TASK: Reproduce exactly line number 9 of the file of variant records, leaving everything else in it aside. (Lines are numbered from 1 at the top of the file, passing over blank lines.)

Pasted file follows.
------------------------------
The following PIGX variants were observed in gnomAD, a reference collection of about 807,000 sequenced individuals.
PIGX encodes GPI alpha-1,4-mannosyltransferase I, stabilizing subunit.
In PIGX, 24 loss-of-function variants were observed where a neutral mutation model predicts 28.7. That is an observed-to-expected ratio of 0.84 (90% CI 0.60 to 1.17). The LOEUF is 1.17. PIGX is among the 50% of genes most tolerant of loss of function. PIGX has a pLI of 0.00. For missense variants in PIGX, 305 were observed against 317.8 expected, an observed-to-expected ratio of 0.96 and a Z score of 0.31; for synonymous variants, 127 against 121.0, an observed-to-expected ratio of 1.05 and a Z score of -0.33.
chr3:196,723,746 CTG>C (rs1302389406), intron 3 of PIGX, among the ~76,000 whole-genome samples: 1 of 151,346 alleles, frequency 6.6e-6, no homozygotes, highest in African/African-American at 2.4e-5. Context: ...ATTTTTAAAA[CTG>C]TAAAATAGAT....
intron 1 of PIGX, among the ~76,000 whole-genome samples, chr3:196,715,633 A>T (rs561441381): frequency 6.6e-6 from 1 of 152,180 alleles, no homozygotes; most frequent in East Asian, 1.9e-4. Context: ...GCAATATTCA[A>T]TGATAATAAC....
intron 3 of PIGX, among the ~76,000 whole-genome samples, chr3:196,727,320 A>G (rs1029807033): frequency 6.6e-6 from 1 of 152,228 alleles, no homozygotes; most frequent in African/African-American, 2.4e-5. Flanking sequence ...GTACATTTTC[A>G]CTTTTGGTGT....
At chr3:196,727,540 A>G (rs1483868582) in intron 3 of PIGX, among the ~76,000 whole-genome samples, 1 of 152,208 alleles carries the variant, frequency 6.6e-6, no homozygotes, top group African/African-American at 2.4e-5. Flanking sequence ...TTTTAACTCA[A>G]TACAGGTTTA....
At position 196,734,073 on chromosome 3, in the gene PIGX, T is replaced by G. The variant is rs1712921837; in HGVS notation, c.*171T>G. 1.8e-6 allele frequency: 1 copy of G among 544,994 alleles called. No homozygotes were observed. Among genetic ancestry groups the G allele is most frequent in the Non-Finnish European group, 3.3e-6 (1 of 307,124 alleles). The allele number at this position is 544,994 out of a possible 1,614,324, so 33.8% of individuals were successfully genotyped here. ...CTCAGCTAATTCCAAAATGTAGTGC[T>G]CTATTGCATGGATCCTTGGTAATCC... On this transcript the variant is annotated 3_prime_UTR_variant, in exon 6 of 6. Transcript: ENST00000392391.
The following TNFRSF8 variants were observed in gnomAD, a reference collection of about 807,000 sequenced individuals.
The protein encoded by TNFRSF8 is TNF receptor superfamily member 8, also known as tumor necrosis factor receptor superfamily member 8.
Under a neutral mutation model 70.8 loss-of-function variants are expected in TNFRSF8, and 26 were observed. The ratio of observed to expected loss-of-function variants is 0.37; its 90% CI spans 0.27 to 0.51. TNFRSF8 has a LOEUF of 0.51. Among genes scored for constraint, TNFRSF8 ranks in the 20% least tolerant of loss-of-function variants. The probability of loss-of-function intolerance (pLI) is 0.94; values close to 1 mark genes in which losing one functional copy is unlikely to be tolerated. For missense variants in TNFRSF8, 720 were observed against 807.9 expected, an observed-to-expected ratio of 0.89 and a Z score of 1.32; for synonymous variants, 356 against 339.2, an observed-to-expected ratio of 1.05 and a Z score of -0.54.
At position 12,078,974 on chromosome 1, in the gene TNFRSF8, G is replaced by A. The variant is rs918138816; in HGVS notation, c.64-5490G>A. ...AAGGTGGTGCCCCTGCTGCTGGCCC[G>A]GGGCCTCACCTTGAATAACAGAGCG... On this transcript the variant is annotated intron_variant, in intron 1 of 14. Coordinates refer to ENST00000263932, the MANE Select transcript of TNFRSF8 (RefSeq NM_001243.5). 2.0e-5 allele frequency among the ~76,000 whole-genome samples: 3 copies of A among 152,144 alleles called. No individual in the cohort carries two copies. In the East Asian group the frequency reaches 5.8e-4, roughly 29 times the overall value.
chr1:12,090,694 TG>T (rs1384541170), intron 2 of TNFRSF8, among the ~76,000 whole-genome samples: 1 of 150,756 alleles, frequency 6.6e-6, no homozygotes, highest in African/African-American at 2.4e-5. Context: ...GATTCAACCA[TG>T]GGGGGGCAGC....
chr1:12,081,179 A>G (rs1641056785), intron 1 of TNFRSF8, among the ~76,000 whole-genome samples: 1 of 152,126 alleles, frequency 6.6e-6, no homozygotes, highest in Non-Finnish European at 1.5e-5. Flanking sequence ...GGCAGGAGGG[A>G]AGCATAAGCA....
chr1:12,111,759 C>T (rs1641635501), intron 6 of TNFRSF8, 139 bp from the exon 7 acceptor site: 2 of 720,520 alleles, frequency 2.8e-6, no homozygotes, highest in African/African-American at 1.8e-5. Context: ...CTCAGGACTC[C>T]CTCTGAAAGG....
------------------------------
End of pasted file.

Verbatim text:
The following TNFRSF8 variants were observed in gnomAD, a reference collection of about 807,000 sequenced individuals.